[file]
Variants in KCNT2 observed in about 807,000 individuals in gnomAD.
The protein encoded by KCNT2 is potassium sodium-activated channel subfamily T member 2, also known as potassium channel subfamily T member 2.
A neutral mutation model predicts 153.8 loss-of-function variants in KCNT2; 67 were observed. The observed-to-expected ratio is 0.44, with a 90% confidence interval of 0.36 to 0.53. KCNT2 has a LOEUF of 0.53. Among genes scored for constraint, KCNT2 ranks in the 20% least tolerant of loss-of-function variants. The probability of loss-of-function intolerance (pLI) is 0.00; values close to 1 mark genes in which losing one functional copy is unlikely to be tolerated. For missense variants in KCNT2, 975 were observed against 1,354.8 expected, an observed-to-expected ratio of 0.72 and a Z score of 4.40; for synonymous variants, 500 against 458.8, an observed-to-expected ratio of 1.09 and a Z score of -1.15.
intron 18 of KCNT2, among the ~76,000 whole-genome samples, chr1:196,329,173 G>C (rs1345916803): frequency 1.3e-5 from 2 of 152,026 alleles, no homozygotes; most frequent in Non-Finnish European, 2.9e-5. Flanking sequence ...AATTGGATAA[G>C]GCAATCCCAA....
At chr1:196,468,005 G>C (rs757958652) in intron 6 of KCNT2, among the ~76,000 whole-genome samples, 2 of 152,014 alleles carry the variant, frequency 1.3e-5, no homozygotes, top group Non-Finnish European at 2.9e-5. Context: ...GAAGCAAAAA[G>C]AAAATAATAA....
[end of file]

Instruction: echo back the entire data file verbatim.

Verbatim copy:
Variants in KCNT2 observed in about 807,000 individuals in gnomAD.
The protein encoded by KCNT2 is potassium sodium-activated channel subfamily T member 2, also known as potassium channel subfamily T member 2.
A neutral mutation model predicts 153.8 loss-of-function variants in KCNT2; 67 were observed. The observed-to-expected ratio is 0.44, with a 90% confidence interval of 0.36 to 0.53. KCNT2 has a LOEUF of 0.53. Among genes scored for constraint, KCNT2 ranks in the 20% least tolerant of loss-of-function variants. The probability of loss-of-function intolerance (pLI) is 0.00; values close to 1 mark genes in which losing one functional copy is unlikely to be tolerated. For missense variants in KCNT2, 975 were observed against 1,354.8 expected, an observed-to-expected ratio of 0.72 and a Z score of 4.40; for synonymous variants, 500 against 458.8, an observed-to-expected ratio of 1.09 and a Z score of -1.15.
intron 18 of KCNT2, among the ~76,000 whole-genome samples, chr1:196,329,173 G>C (rs1345916803): frequency 1.3e-5 from 2 of 152,026 alleles, no homozygotes; most frequent in Non-Finnish European, 2.9e-5. Flanking sequence ...AATTGGATAA[G>C]GCAATCCCAA....
At chr1:196,468,005 G>C (rs757958652) in intron 6 of KCNT2, among the ~76,000 whole-genome samples, 2 of 152,014 alleles carry the variant, frequency 1.3e-5, no homozygotes, top group Non-Finnish European at 2.9e-5. Context: ...GAAGCAAAAA[G>C]AAAATAATAA....